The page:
14 Jan 2005
Innovations(HKTDC Toys & Games , Vol 01,2005)
"We knew we had a winner on our hands," laughs chief operating officer Eric Lau, "and we were delighted when more than 50 reporters showed up - everyone from CNN and Fox News to Time magazine. All the positive comments helped us sell 1.5 million units last year, and I believe we will match that in 2005."
Established in 1982, by brothers Peter and Richard Yanofsky, WowWee was originally a development vehicle for Peter Yanofsky's inventions and designs that he sold on to toy companies rather than invest directly in the manufacturing and sales effort.
During the Asian financial crisis, when it seemed that the market for good ideas had dried up, Lau says he urged a change of direction for WowWee. "Convinced we had great product ideas, I suggested we go ahead, take the risk and do things ourselves," he recalls.
The firm quickly established close working relationships with Chinese mainland factories with good reputations for quality, and began to produce its own toys. The result, Lau says, has been "at least one major success per year since 1997".
Operating under the motto, "Anything else is just a toy", WowWee takes its inspiration from the worlds of aerospace, the military, extreme sports and even cutting-edge science.
Robosapien, for example, was produced with the assistance of robotics physicist Mark Tilden, a consultant for NASA's Los Alamos National Laboratory and a pioneer of biomorphic robotics.
Tilden's work had caught the attention of Peter Yanofsky. "We emailed him asking if he would be interested in working with us," says Lau. "He then flew to Hong Kong to exchange ideas with Peter and on to the mainland to view the factories."
Tilden's first project with WowWee was the B.I.O. Bugs line, which sold respectably but fell slightly flat in a US market depressed by 9/11. Undaunted, Peter Yanofsky suggested another idea.
"Peter asked Mark if he could come up with an affordable robot - the point being that most commercially-available robots were selling for thousands of US dollars and so were hardly typical consumer products," says Lau.
"We spent more than two-and-a-half years developing the robot, with the design and look being developed by the WowWee team and the mechanism and internal elements done by Tilden," Lau explains. "The result was the Robosapien - a robot with 67 pre-programmed functions that retails for about US$100."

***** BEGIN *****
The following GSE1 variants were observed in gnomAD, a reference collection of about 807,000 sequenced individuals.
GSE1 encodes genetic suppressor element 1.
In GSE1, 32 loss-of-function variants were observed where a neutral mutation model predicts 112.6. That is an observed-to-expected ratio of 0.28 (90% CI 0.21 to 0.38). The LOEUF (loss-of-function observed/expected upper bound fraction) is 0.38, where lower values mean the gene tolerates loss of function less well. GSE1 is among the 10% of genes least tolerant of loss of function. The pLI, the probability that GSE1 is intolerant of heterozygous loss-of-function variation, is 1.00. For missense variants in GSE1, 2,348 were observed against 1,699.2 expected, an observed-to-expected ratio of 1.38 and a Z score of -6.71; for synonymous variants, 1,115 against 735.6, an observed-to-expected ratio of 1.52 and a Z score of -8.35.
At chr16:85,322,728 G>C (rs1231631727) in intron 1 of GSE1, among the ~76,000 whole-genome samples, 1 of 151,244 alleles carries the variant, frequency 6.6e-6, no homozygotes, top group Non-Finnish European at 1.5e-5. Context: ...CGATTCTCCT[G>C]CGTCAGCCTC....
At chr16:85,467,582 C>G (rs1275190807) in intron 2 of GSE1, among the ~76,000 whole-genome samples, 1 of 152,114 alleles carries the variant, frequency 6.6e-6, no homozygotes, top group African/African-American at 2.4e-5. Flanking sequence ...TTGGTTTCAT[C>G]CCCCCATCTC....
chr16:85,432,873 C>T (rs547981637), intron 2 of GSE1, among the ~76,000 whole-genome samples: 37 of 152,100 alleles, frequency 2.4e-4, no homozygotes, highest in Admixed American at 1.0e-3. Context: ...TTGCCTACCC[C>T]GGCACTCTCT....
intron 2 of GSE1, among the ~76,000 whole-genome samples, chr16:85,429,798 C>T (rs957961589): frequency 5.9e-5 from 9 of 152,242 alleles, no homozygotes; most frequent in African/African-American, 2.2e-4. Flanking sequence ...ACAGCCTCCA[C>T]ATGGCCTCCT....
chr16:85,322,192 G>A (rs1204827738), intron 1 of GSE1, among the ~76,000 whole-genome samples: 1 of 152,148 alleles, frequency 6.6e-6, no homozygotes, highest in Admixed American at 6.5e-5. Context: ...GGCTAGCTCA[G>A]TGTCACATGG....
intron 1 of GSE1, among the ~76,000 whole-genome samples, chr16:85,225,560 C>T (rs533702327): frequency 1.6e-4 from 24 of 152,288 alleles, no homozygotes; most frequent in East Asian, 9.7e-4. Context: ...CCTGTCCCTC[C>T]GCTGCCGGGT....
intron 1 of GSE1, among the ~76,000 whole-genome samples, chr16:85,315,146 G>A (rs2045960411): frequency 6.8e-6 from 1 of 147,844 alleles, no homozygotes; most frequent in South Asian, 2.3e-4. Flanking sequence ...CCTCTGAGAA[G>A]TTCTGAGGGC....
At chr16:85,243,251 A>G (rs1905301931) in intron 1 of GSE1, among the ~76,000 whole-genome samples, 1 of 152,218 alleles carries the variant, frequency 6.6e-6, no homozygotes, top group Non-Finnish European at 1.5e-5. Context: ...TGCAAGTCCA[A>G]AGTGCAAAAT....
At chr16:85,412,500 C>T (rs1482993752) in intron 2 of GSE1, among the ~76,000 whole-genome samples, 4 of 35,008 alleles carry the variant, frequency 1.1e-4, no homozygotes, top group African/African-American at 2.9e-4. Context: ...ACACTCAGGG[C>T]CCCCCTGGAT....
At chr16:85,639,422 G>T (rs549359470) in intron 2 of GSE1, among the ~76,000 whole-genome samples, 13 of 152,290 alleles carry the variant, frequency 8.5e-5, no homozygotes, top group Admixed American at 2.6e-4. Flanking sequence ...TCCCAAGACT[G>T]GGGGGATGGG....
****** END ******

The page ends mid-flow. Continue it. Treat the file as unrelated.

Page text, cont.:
After testing on different age groups, it was eventually concluded that the "toy" was suitable for kids aged anywhere between three and 80.
"Young children enjoy the simple demonstration functions, like Robosapien's kung fu and dance routines, while adults enjoy tinkering with more sophisticated functions," says Lau.
"The more technically advanced can pre-programme Robosapien in thousands of different ways," he adds. "Teenagers have modified its use to download MP3s, or use it as a radio or an alarm clock, while scientists have increased Robosapien's brain as our technology allows them to change the microprocessors."
Apart from selling in huge numbers in North America, Europe (the UK alone has taken about 200,000 units) and Australia, Robosapien has picked up more than 20 awards including the Grand Award in the 2004 Hong Kong Awards for Industry.
Lau says the company has been unable to keep track of all the honours showered upon its robotic offspring, but says that recognition in Hong Kong was particularly satisfying.
"As a Hong Kong-based company, the Hong Kong Awards for Industry is very important to us, even more so given this was the first time we had entered the competition," he observes.
Development of the next generation of Robosapien is well advanced, and Lau expects to be shipping these more sophisticated units by September. "The second generation will be taller and more solid," he says. "The current version has seven servo motors, while the new one will have 14. It will cost more, too, but there are many more features."
Lau says the new robot will walk more like human beings. "If it falls down, it will be able to get up by itself. It will also be able to limbo walk, do push-ups and sit-ups and see, hear and respond accordingly."
Whereas the company used to produce up to 20 different new products a year, WowWee intends concentrating on a smaller number of high quality lines as it is confident of continuing to command the attention of the most important buyers.
"We do unique products and we will expand our R&D resources to maintain our brand," Lau says. "Our reputation is for innovation, and we're successful because we have a strong image in the industry."
WowWee also scored with its Animaltronics and Dinotronics lines of microprocessor-driven moving animal and dinosaur figurines. In addition, it broke new ground and sales records with its remote-controlled cars, Blastmaster water weapons and Air Surfer remote-controlled model aircraft.
Clearly, technology is bringing toys such as robots closer to the real world.
WRITTEN BY ROBERT PIERCE